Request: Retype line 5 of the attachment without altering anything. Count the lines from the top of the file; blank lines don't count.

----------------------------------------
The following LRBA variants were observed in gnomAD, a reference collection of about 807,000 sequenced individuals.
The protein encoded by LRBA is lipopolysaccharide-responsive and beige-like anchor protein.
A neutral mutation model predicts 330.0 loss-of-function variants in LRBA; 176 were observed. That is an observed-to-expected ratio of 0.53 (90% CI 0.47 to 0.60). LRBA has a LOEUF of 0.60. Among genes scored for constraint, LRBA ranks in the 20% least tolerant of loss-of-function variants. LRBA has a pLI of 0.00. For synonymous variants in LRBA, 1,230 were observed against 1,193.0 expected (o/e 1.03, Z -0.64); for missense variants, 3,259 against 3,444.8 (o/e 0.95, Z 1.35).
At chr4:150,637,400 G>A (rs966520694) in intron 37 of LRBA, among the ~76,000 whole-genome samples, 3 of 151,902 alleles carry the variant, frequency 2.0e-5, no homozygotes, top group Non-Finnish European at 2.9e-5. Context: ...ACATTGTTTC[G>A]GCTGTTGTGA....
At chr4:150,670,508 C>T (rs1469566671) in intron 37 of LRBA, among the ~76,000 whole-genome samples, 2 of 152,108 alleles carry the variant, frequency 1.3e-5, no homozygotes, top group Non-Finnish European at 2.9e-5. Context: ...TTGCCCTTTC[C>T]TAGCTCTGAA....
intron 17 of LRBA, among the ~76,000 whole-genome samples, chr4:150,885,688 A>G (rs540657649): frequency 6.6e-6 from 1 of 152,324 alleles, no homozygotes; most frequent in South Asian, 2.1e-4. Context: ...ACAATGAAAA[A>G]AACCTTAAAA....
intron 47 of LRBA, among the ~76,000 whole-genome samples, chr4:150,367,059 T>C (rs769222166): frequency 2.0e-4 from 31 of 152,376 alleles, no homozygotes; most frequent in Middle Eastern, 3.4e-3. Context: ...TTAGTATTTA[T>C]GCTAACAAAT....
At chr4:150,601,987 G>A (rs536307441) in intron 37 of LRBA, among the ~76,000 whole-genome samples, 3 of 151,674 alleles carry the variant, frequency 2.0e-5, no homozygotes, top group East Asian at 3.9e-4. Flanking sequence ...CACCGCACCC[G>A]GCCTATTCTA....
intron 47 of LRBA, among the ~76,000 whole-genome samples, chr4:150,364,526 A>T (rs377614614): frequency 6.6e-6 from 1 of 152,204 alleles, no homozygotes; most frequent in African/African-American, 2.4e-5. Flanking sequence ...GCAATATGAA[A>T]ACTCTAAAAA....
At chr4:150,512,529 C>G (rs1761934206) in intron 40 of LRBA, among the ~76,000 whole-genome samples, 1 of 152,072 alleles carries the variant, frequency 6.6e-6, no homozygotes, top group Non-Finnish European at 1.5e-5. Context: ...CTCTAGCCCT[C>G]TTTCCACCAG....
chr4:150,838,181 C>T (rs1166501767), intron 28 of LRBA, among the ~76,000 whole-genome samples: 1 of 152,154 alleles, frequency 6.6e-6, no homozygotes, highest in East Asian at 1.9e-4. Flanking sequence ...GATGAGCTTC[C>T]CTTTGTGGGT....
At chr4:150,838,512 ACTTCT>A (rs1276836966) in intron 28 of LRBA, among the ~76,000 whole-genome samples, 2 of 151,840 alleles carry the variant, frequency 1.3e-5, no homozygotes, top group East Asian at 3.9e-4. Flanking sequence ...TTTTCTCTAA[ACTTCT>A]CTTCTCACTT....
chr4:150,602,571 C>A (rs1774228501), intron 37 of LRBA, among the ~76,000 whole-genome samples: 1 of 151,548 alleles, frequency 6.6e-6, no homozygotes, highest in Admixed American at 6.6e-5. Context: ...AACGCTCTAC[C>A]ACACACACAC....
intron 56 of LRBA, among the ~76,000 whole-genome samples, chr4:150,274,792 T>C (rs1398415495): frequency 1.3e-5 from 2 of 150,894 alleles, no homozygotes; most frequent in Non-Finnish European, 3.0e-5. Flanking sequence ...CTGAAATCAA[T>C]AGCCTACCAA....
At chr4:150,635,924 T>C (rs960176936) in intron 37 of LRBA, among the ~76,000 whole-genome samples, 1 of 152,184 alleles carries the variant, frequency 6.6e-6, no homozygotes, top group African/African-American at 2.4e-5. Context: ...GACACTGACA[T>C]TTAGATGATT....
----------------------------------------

At chr4:150,670,508 C>T (rs1469566671) in intron 37 of LRBA, among the ~76,000 whole-genome samples, 2 of 152,108 alleles carry the variant, frequency 1.3e-5, no homozygotes, top group Non-Finnish European at 2.9e-5. Context: ...TTGCCCTTTC[C>T]TAGCTCTGAA....